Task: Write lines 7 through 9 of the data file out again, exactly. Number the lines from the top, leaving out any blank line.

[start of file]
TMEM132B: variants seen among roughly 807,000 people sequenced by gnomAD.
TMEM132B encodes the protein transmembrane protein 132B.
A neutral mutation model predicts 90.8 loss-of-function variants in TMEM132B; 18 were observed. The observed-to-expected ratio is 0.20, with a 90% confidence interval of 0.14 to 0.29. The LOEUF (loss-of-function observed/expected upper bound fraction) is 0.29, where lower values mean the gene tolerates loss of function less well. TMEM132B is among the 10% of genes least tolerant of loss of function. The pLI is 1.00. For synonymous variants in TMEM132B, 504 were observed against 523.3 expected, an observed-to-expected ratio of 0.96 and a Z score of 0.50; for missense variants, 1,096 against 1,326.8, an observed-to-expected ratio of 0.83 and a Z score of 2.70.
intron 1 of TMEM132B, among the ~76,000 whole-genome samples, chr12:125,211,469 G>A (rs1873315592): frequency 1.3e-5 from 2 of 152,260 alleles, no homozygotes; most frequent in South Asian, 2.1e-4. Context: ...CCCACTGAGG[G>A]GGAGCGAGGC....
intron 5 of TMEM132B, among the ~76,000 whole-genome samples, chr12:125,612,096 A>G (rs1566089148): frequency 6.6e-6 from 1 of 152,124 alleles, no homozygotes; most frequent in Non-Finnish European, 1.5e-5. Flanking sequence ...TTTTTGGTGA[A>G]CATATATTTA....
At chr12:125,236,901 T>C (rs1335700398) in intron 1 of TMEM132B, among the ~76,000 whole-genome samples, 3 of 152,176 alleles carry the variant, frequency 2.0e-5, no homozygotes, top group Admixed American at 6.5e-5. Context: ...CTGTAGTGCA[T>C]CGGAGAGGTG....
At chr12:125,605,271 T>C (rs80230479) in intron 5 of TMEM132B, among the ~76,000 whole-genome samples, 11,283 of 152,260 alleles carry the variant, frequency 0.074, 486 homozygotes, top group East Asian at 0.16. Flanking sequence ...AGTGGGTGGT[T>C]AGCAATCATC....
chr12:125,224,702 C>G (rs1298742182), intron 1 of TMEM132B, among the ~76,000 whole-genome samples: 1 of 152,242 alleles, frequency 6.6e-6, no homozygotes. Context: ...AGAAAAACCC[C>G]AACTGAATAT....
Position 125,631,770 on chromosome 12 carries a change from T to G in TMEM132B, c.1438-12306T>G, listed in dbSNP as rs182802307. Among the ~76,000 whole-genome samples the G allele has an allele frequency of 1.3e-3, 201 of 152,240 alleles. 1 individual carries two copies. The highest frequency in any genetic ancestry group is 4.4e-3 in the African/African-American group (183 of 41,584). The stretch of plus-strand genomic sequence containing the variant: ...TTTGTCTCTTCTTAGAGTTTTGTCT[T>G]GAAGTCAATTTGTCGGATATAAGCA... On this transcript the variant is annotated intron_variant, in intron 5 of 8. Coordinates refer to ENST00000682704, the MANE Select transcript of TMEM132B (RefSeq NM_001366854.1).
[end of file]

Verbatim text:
At chr12:125,605,271 T>C (rs80230479) in intron 5 of TMEM132B, among the ~76,000 whole-genome samples, 11,283 of 152,260 alleles carry the variant, frequency 0.074, 486 homozygotes, top group East Asian at 0.16. Flanking sequence ...AGTGGGTGGT[T>C]AGCAATCATC....
chr12:125,224,702 C>G (rs1298742182), intron 1 of TMEM132B, among the ~76,000 whole-genome samples: 1 of 152,242 alleles, frequency 6.6e-6, no homozygotes. Context: ...AGAAAAACCC[C>G]AACTGAATAT....
Position 125,631,770 on chromosome 12 carries a change from T to G in TMEM132B, c.1438-12306T>G, listed in dbSNP as rs182802307. Among the ~76,000 whole-genome samples the G allele has an allele frequency of 1.3e-3, 201 of 152,240 alleles. 1 individual carries two copies. The highest frequency in any genetic ancestry group is 4.4e-3 in the African/African-American group (183 of 41,584). The stretch of plus-strand genomic sequence containing the variant: ...TTTGTCTCTTCTTAGAGTTTTGTCT[T>G]GAAGTCAATTTGTCGGATATAAGCA... On this transcript the variant is annotated intron_variant, in intron 5 of 8. Coordinates refer to ENST00000682704, the MANE Select transcript of TMEM132B (RefSeq NM_001366854.1).